From April 13-20, Sanford will be running a 195-mile segment of the MS Run the US relay
Nikki Sanford, a Class of 2016 graduate of William & Mary Law School, practices law at Baker & Hostetler in Seattle and is one of 19 runners who will participate in the 2018 MS Run the US cross-country relay which begins later this month. She will run her 195-mile segment—from Barstow, CA, through the Mojave National Preserve, to Las Vegas, NV—between April 13-20. Her race page has more details about the event as well as opportunities to help her raise funds through her run for multiple sclerosis research. Nikki recently answered some questions about the relay, her time at William & Mary, and her current practice at Baker & Hostetler.
How did you hear about/get involved with MS Run the US? What is your motivation for running the relay?
I saw an article about the relay on Facebook last summer and was fascinated by the distance and scale of the run. I had never seen a 3,100 mile, cross-country running event like it, and I really admired the fact that the primary motivation behind the relay is to raise awareness for multiple sclerosis and support those living with the disease.
At the time, I was looking for a way that I could use my running and fitness interests to support a cause or help others, but I wanted to do something different, that I couldn’t or wouldn’t do by myself, and something that would have a huge impact. Basically, go big or go home. The run itself and the opportunity to run across multiple states seemed incredibly awesome, but what really sold me was the nonprofit’s authenticity and dedication to the cause.
The founder of MS Run the US, Ashley Schneider, ran the entire relay distance, from California to New York alone back in 2010, in support of her mother who had MS. Since 2013, a relay team has been selected each year to cover that distance and raise funds and MS awareness. In addition to supporting MS research, the organization uniquely provides support programs to directly help individuals with MS and their families learn to live with symptoms and disability due to MS. This may be anything from educating the individual and their families, providing wheelchairs and/or mobility accommodations, or connecting them to support groups. Everyone from the organization is so passionate about the cause and that inspired me to apply to be a part of the 2018 Relay Team and do what I can to support the mission.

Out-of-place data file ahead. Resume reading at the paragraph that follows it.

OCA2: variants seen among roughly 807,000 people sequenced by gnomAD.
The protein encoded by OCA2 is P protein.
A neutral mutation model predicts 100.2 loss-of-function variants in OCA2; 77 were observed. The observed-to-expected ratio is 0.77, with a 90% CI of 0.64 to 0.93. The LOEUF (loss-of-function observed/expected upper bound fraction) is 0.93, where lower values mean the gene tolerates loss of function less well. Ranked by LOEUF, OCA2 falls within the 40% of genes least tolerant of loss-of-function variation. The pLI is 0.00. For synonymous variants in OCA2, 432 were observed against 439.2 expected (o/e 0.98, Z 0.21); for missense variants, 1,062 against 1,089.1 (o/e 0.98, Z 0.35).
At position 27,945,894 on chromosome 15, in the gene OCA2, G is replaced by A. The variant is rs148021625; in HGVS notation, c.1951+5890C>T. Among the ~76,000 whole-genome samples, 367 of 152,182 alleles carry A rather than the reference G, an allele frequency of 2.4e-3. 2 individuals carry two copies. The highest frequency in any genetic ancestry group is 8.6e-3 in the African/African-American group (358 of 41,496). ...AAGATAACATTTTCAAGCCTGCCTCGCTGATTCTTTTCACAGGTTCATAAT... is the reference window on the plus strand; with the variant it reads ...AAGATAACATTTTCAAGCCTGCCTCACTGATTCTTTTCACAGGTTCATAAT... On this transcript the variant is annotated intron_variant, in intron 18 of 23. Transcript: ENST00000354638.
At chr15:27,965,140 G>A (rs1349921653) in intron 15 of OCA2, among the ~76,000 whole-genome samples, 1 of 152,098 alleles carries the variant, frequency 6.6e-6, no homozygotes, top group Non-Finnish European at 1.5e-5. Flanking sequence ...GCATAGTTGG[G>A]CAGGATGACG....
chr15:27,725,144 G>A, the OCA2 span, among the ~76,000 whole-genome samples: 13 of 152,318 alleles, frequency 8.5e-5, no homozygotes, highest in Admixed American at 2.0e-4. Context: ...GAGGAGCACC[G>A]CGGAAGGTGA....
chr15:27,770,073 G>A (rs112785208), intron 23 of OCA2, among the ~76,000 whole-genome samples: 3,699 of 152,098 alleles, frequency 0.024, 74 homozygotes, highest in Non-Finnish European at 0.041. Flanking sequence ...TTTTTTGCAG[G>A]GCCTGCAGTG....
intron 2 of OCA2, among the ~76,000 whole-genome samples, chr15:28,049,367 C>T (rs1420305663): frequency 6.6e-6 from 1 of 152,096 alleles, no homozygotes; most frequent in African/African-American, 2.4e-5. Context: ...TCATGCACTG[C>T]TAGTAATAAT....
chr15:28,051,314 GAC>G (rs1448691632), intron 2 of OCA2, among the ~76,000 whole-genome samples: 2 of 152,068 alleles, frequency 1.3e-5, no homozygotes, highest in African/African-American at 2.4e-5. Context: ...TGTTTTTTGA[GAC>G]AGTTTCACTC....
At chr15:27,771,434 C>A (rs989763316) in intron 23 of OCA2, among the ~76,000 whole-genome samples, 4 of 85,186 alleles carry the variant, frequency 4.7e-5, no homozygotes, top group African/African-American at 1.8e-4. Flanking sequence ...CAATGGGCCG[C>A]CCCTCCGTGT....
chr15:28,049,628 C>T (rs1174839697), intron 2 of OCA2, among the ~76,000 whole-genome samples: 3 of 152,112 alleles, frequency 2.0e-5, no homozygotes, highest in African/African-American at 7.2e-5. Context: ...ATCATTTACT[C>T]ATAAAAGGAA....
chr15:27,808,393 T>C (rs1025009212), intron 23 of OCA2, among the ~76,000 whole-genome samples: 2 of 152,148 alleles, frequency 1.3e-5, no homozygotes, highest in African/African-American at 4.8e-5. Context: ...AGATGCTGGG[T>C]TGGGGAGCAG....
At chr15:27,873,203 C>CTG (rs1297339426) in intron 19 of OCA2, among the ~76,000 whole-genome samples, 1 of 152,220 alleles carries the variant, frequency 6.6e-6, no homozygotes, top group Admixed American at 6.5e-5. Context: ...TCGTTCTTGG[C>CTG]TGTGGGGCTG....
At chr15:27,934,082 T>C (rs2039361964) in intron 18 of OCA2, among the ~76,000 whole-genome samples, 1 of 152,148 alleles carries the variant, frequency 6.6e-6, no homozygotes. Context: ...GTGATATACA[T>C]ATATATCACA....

Do you have any personal connections to MS?
Two of my friends have a parent with MS, and I know several people through running that have the disease. After I started fundraising and sharing about this run, I learned that most friends, co-workers, and acquaintances either know someone with MS or are personally affected by the disease in some way. It constantly surprises me how prevalent the disease is and how little it is discussed.
What was your running experience prior to this event, and what training have you been doing to prepare?
I started running about 5 years ago and began distance running during law school with my friend Kristin Poole JD ‘16. I enjoyed the challenge of distance running, and it was a fun way for us to hang out and explore Williamsburg. We ended up running several half marathons, and our first full marathon in Charleston our 3L year. Since then, I’ve kept up with the distance running and have run in several more marathons here in Seattle.
To prepare for this 195-mile relay segment, in which I’ll be running about a marathon (26.2 miles) a day for 8 days in a row, I run about 50-65 miles per week, with 1-2 long runs of 20-25 miles on the weekend. I also strength train 3 times a week, foam roll daily, and eat a TON of food.
Given that you now live and work in rainy Seattle, how are you preparing for days of running through what looks to me to be mostly desert?
This has been tough since Seattle’s been pretty cold and gray recently. I try to run with an extra layer or jacket to simulate running in warmer weather. As someone who typically runs in cold, rainy weather in a t-shirt, it’s not fun. But I think it will be pretty helpful when I’m in the desert and won’t have all the extra weight on me.